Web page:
Evidence for this theory was gathered from an examination of fluids that drained from the surgical sites. In these fluids, there was found to be various mitogenic factors normally associated with the wound healing process. Within these, scientist also found mitogenic factors that have been known to trigger breast cancer proliferation. In light of this discovery, further research has uncovered various mechanisms of how surgery induced cancer metastasis.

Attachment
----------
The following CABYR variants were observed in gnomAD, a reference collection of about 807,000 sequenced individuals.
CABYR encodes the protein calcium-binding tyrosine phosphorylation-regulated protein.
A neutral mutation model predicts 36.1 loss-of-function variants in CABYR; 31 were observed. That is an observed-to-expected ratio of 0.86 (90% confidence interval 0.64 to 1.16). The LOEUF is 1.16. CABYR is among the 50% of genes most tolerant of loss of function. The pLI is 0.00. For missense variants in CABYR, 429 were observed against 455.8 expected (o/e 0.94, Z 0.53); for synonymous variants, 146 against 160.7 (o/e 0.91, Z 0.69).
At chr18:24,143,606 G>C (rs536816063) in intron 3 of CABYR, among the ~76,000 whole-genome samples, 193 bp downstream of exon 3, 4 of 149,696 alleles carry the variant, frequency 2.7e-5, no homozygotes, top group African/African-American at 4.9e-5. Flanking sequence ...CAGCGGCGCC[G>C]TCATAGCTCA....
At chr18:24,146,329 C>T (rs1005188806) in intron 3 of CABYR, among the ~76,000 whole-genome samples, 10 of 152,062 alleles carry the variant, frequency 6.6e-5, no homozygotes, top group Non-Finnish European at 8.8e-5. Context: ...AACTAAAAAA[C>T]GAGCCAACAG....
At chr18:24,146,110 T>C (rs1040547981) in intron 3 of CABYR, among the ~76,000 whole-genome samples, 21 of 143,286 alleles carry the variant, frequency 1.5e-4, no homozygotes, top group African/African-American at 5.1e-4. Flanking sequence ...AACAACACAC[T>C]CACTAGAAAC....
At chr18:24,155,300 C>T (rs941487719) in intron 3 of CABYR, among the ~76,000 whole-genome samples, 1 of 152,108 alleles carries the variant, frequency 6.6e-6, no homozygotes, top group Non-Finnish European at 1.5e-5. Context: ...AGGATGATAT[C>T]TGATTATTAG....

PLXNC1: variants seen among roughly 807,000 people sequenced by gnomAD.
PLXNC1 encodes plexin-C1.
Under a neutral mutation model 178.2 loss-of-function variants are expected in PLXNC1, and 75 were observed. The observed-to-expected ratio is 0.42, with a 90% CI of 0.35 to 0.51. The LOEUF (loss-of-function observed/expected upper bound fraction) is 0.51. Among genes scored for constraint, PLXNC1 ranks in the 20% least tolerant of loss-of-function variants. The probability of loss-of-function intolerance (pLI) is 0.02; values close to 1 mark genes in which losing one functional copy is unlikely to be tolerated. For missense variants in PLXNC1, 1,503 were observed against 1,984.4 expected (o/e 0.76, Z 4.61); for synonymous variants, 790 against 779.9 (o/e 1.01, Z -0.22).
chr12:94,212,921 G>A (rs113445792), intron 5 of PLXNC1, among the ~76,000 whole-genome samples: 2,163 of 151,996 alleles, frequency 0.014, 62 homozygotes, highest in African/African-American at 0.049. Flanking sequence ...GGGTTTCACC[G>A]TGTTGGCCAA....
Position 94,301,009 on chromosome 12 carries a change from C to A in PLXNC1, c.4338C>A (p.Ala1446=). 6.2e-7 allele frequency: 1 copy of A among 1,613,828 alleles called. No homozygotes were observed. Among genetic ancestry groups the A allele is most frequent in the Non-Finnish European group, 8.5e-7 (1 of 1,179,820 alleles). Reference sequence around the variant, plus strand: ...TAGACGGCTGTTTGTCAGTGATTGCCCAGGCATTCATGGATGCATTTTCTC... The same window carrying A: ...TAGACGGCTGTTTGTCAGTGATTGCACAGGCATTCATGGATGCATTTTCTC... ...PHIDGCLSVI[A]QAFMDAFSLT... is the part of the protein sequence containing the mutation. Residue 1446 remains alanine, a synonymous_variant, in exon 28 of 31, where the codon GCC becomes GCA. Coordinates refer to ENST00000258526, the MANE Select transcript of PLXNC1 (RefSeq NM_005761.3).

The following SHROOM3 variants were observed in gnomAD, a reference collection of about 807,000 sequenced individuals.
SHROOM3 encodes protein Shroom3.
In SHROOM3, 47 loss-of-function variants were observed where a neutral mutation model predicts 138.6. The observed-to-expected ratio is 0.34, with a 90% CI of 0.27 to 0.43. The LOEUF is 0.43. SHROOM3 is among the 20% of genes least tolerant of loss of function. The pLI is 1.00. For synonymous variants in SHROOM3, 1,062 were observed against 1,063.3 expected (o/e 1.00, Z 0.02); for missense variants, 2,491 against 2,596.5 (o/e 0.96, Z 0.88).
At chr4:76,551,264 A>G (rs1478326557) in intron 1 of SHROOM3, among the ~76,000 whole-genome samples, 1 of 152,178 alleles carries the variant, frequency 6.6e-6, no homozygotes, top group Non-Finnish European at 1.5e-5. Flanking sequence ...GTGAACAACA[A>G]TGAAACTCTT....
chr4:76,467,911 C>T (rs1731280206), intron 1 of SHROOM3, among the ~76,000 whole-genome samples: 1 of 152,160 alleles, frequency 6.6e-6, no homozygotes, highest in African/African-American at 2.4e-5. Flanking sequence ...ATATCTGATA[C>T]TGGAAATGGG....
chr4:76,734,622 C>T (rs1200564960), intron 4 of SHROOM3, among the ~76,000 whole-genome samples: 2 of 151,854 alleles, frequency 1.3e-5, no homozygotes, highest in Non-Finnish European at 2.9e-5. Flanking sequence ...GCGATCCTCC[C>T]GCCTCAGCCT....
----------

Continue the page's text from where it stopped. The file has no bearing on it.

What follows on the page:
The first of these mechanisms involves cancer cell adhesion. In order to form tumors, cancer cells must attach to one another and do so through cancer cell adhesion. When tissue is exposed to a surgical environment, this adhesive ability increases. Another mechanism profits off the fact that after surgery, a woman's immune system is compromised, and the ability of white blood cells to seek out and destroy cancer cells is diminished. Because of this, cancer cells find it easier to metastasize, evade death, and spread throughout the body. A third mechanism involves angiogenesis. The primary tumor releases anti-angiogenic factors that actually prevent metastasis, and with the removal of this tumor comes to removal of these factors. In addition, synthesis of VEGF, or vascular endothelial growth factor also occurs post surgery; this growth factor is often a stimulator of tumor angiogenesis. A fourth and final mechanism of surgery induced metastisis is through the inflammation caused by surgery. Surgery causes inflammation at the surgical site, producing certain chemicals that trigger the activity of an enzyme called COX-2. This enzyme has been known to influence cancer cell growth as well as metastasis.